More and more companies are offering services to test your DNA, allowing you to explore your genetic heritage. Eastern European? Chilean? Something super exotic that you never even considered as part of your ancestry? These tests can be spendy, though, so when someone offers you a special deal to do the testing for free, it sounds like a good deal. Scammers know this and have concocted a new scheme to steal your personal information.
Our friends at the Federal Trade Commission (FTC) are receiving reports that callers, claiming to be from Medicare, are asking for personal information, such as Social Security or Medicare numbers, in exchange for a “free” DNA testing kit. The fraudster may make a convincing argument by claiming that the test is a “free way” to get an early diagnosis for diseases like cancer. However, the truth of the matter is that Medicare does not market DNA testing kits to the general public.
Here are some tips on what you can do to avoid being a victim:
If an alleged “government agency” demands personal information or payment, you can be sure it is a scam.
Don’t rely on caller ID. Scammers can make it appear as if they were calling from a government-affiliated number.
Never give anyone who randomly calls you information such as your bank account, credit card, Medicare or Social Security number. Scammers can use this information to either steal your identity and your money.
You can report Medicare imposters at 1-800-MEDICARE and ftc.gov/complaint.
As always, if you have been the victim of this online scam or any other cyber fraud, can also report it to the FBI’s Internet Crime Complaint Center at www.ic3.gov or call your local FBI office.
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Tips and recommendations for ways organizations can engage their people and help accomplish all of these goals are available in the NCSAM 2019 Tool Kit. Take advantage of the 2019 Tool Kit and the other resources NCSAM makes available.
The bottom line is that the internet is a great place to learn, to connect, and to have fun through technology. At the same time, we are each responsible for our own safety, privacy, and security online. Cyber security is truly everyone’s business – let’s “Own IT. Secure IT. Protect IT” and become smart digital citizens together.
To learn more, Symantec invites you to join us and partners, The Identity Theft Resource Center and Infolock for a discussion on how to protect your systems and help keep data safe for others. Panelists include Kevin Haley, Senior Director, Symantec Security Technology & Response, Eva Velasquez, President and CEO, Identity Theft Resource Center, and Ryan Lawless, Senior Consultant, Infolock Advisory Services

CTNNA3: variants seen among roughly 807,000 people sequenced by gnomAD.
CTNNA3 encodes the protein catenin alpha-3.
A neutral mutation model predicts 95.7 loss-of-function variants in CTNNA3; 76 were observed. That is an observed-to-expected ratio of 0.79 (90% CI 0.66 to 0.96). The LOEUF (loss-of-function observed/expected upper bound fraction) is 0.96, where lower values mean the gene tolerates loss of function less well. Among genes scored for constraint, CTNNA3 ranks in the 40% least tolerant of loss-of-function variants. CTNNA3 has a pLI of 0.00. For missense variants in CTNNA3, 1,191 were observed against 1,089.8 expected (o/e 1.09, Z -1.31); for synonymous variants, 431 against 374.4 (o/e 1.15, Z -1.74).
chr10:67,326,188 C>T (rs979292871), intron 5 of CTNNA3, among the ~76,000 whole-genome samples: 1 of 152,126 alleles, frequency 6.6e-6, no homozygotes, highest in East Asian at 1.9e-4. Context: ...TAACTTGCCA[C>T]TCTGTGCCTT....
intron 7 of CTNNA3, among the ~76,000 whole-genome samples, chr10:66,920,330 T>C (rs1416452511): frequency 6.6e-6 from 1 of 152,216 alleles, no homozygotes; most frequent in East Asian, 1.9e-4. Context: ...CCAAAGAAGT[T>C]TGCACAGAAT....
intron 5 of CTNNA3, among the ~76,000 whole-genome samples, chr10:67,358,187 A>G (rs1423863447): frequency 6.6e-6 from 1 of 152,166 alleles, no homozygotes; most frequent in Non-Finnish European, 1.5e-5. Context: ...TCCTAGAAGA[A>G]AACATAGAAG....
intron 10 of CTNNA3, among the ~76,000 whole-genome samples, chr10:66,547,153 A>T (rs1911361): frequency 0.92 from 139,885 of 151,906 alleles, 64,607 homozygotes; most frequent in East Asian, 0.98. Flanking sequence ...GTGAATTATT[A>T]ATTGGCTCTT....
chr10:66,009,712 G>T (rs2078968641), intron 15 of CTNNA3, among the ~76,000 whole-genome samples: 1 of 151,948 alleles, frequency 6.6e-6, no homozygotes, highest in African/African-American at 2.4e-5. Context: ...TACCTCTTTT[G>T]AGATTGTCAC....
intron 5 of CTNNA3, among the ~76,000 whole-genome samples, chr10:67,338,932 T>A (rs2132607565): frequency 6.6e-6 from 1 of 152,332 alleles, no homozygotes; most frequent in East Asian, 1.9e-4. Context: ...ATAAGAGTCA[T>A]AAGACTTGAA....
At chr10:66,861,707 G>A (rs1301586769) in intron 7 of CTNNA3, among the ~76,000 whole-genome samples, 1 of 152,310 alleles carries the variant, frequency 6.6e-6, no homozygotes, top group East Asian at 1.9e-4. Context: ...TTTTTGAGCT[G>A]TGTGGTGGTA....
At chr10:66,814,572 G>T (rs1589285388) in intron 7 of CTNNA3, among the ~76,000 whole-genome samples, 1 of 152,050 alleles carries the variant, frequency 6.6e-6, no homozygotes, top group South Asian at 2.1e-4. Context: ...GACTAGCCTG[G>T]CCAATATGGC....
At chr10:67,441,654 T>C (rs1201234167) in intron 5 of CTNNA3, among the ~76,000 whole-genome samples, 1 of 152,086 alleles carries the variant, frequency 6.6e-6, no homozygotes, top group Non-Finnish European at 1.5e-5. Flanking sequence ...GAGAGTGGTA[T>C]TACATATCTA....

Register for free here: https://www.brighttalk.com/webcast/13361/371826
For additional information on how you can better protect your personal information and safety online, we invite you to visit the NCSAM 2019 website: https://staysafeonline.org/ncsam/
The post #hacking | Protect IT: Maintaining Your Digital Profile appeared first on National Cyber Security.
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Across the energy industries, it’s now commonly recognized that if you have critical infrastructure, you are not only at risk, but will likely experience a cyber incident at some point. So, what can you do to mitigate this risk, and what cyber security myths still exist in the industrial digital journey?
Myth 1 Cyber security is cumbersome
A common perception is that cyber security is too challenging and difficult to implement in a plant or across a fleet. This doesn’t have to be the case. In reality, we just need to acknowledge that the implementation of cyber security practices requires a multi-year strategy. Having a standard baseline and following a reference architecture can provide standardization to help you think through your approach strategically, with standards aligned to your business strategy.
Myth 2 Cyber security is out of grasp
Everyone in the industry is on a digital journey, but not everyone is doing the basics. The tools exist, but often their application is in the IT space, rather than the OT space. When IT and OT are integrated, the benefits of information technology systems used for data-centric computing working alongside operational technology systems used to monitor events, processes and devices can be realized.